I read this book in ebook (again, you know how much I hate that, so the fact that I couldn't put it down should tell you a lot about how much I LOVED it) but I am SO BUYING a paperback copy first chance I get.
6. Paper Princes by Erin Watt
This book needs no introduction. It's the story of a poor (pardon my French, Mary Sue) who goes to live with her billionnaire "guardian" and his five (I think? - there were a lot) gorgeous sons. Bullying, general d-baggery and an incredibly unbelievable (bordering on silly) plot aside, I was kind of mesmerized by this book. The writing wasn't particularly good, but it was good enough to keep me interested. Once I decided to treat it like a romance novel, which helped me to suspend my disbelief as well as the rolling of my eyes (somewhat), I couldn't put it down.
I mean, I did try to throw it to a wall once or twice, but I immediately picked it up to see WHERE THE HECK this could go. I mean it's one thing from a story to go from hate to love, but how it could go from utter disdain and lack of interest to this... hotness... That's why everyone's been talking about this book.
And I don't think I'll read the next ones, there are too many issues with EVERYTHING about this book, but I'm not sorry I read this one. It had that sort of mythical, imaginary feel to it that makes you want to believe that bad, cruel people can change. Which they can't, not in real life, not usually, but for a while, it's fun to lose yourself in a world where they might.
7. The Pattern Artist by Nancy Moser
What a gorgeous, well-written and well-researched historical novel! Of course, if you've read anything by Nancy Moser (I've read EVERY BOOK of hers) you'll know that she's incapable of writing anything that isn't sheer brilliance. Dashing gentlemen, strong women, changing times. This book is food for the soul as well as for the imagination, and it left me with my head in the clouds and my heart full of hope. Yum.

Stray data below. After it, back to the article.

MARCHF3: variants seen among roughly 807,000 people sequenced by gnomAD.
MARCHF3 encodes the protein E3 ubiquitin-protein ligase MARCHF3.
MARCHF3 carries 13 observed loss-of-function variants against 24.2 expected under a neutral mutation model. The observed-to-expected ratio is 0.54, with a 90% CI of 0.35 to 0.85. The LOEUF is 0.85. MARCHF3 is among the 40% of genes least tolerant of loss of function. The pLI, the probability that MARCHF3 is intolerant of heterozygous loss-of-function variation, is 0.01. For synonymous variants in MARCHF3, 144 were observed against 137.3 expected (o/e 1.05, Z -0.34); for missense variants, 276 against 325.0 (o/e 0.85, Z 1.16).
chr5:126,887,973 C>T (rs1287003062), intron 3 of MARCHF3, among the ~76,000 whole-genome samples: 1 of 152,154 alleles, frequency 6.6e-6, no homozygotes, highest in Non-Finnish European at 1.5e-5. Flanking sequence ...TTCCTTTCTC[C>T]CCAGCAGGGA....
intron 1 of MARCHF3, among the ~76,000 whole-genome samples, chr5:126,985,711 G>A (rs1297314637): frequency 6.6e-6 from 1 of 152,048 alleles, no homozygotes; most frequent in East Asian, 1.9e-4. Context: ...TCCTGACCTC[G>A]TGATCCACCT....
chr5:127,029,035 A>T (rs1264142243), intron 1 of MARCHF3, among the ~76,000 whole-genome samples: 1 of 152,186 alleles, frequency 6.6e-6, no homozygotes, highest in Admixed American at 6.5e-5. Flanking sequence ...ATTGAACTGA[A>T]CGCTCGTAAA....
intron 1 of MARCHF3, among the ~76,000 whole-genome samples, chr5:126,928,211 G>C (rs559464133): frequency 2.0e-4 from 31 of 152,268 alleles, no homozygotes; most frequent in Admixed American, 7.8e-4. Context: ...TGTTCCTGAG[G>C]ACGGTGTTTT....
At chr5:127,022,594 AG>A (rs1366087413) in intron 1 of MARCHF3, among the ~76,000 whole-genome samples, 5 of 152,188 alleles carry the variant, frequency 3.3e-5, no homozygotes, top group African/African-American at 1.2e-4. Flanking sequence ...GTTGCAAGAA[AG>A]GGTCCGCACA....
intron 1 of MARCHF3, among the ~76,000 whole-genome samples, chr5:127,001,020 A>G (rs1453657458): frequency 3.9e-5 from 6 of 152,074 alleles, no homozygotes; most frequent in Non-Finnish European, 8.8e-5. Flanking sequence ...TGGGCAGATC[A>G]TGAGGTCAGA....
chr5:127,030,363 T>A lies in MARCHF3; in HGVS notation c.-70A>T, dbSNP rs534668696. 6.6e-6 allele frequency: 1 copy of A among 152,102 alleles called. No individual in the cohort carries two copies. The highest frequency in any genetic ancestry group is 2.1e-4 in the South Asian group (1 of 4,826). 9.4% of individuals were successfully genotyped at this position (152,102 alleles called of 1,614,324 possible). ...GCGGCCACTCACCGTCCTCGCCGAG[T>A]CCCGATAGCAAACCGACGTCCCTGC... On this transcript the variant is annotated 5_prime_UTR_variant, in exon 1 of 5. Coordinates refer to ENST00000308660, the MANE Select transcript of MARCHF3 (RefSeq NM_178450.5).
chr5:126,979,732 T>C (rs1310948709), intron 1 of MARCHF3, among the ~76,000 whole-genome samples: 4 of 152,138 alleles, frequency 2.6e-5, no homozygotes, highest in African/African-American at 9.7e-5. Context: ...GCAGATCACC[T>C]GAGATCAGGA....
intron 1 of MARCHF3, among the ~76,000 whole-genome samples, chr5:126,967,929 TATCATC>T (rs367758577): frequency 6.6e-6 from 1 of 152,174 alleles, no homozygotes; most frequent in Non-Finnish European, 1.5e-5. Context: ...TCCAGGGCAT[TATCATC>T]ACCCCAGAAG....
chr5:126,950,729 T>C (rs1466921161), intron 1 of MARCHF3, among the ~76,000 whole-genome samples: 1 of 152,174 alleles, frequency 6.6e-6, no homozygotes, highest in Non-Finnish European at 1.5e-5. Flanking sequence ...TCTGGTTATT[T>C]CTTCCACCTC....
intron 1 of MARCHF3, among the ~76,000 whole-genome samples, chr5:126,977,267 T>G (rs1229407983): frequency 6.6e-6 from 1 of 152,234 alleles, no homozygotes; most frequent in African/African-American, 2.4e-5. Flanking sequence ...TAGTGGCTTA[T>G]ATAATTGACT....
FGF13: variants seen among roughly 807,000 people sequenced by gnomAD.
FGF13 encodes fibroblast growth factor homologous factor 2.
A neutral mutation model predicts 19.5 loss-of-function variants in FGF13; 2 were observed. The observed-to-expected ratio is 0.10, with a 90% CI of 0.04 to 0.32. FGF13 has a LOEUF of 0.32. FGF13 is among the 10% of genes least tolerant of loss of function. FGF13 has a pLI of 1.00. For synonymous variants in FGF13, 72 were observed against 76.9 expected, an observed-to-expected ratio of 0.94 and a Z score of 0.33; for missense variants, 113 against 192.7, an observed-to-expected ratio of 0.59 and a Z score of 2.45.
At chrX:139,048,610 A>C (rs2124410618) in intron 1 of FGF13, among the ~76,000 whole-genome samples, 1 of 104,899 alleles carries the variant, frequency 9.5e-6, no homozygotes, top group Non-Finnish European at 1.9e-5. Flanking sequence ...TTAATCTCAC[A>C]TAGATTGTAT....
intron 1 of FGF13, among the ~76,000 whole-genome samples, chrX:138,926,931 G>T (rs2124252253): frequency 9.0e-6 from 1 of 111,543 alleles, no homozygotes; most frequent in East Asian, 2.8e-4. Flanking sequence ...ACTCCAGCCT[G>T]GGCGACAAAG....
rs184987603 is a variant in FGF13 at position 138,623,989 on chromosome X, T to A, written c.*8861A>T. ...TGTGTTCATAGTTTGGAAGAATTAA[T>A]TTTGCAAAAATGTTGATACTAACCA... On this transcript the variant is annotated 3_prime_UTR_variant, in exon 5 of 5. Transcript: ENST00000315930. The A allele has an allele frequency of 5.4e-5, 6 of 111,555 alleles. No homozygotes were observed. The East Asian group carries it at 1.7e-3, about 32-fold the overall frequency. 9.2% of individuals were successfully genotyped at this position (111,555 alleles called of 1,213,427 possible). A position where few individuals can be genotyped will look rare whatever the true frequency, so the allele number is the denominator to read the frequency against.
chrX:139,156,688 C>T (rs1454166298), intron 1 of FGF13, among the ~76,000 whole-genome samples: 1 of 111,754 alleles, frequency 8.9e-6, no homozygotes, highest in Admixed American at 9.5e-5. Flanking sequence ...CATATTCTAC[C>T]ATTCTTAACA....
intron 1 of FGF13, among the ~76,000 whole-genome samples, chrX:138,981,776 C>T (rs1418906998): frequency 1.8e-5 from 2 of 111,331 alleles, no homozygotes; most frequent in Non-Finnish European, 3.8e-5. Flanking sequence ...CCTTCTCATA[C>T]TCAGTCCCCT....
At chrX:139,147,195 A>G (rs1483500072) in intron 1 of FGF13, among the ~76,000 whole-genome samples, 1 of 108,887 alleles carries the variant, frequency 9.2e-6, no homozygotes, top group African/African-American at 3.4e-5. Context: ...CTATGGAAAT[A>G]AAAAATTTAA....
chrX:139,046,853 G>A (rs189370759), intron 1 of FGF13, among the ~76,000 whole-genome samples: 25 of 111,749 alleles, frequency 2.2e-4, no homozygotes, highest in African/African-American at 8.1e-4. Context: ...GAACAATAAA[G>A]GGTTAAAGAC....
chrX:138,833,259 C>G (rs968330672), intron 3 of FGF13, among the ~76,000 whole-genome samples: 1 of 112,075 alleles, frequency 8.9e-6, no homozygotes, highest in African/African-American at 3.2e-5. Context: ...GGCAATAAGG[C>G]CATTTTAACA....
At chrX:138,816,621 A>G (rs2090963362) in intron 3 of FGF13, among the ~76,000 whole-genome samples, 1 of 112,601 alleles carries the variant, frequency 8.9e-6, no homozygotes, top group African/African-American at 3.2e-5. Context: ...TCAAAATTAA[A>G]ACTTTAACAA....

8. Unleashed by Sophie Jordan
Not much to say here.
When a writer can write, that's all there is to it.
Even if the dystopian world overthrown by teenagers trope is a teeny tiny bit overused and/or predictable, even if this is the second book in a series (I haven't read the first one, but I breezed through this one in a day, no problem), the book is PURE AWESOMESAUCE.
Also, to be precise, this book ends up deviating even from that trope, because adults come in at some point, so IN YOUR FACE, overused tropes.
Fangirling alert, look away.
Gosh this book ruined me. I don't know if I can be more specific (and I NEEEEEED to), but the male protagonist. SWOOOOOON. Wow. They don't write them like that, people. I've never read a dystopian book with a hero like that. Capable, wholesome, caring, dangerous but not broken. A rescuer. A rock.
Just writing this makes me want to pick the book back up. Of course the nonstoppable action didn't hurt either. Not to mention I more than enjoyed the moral aspect of the story, which is about people with the DNA of a killer being hunted down and put into concentration camps and killed. It was such a good metaphor for so much that's wrong with our world today, that I just wanted to grab that book and kiss it. (For more reasons than one.)
9. Witch's Sacrifice by Crissy Moss
This was a light young adult paranormal story about a girl who gets bullied and, in a moment of intense pressure, discovers that she was powers beyond her wildest dreams. She then has to run for her life. The story was good, if a bit too young for me (it's more on the middle grade spectrum of the young adult), but if you're anything like me and like stories about water creatures, you'll find this interesting.
The story is once again left unfinished, leaving the reader wanting for more.
10. Zan by Jane Shoup
And... I know you've suffered enough of my fangirling already, but cover your eyes, cause here comes more. WAY MORE. What even is this book? Where has it been my whole life? Can I marry it? Ooops sorry. Hopefully the dude doesn't read this.
This is a TARZAN story, people. Tarzan. Need I say more? I need not. It takes place in 1908, during the industrial revolution, as you can tell from the cover, and it stays pretty accurate to the well-known story of the ape-man, while at the same time managing to bring a fresh perspective of the wild man who was brought to his knees by beauty. We rarely, if ever, get to see Tarzan's more vulnerable side, and it's done brilliantly in this novel. I loved everything about the characters, the setting, the amazing storyline. Tarzan as a gentleman, be still my heart.
Needless to say, I'm getting my hands on a physical copy of this one YESTERDAY. I need to feel the turn of those gorgeous pages, I need to look at those words again. Okay, this got pretty intense pretty soon.
You get it.
Read my reviews and full descriptions of these books on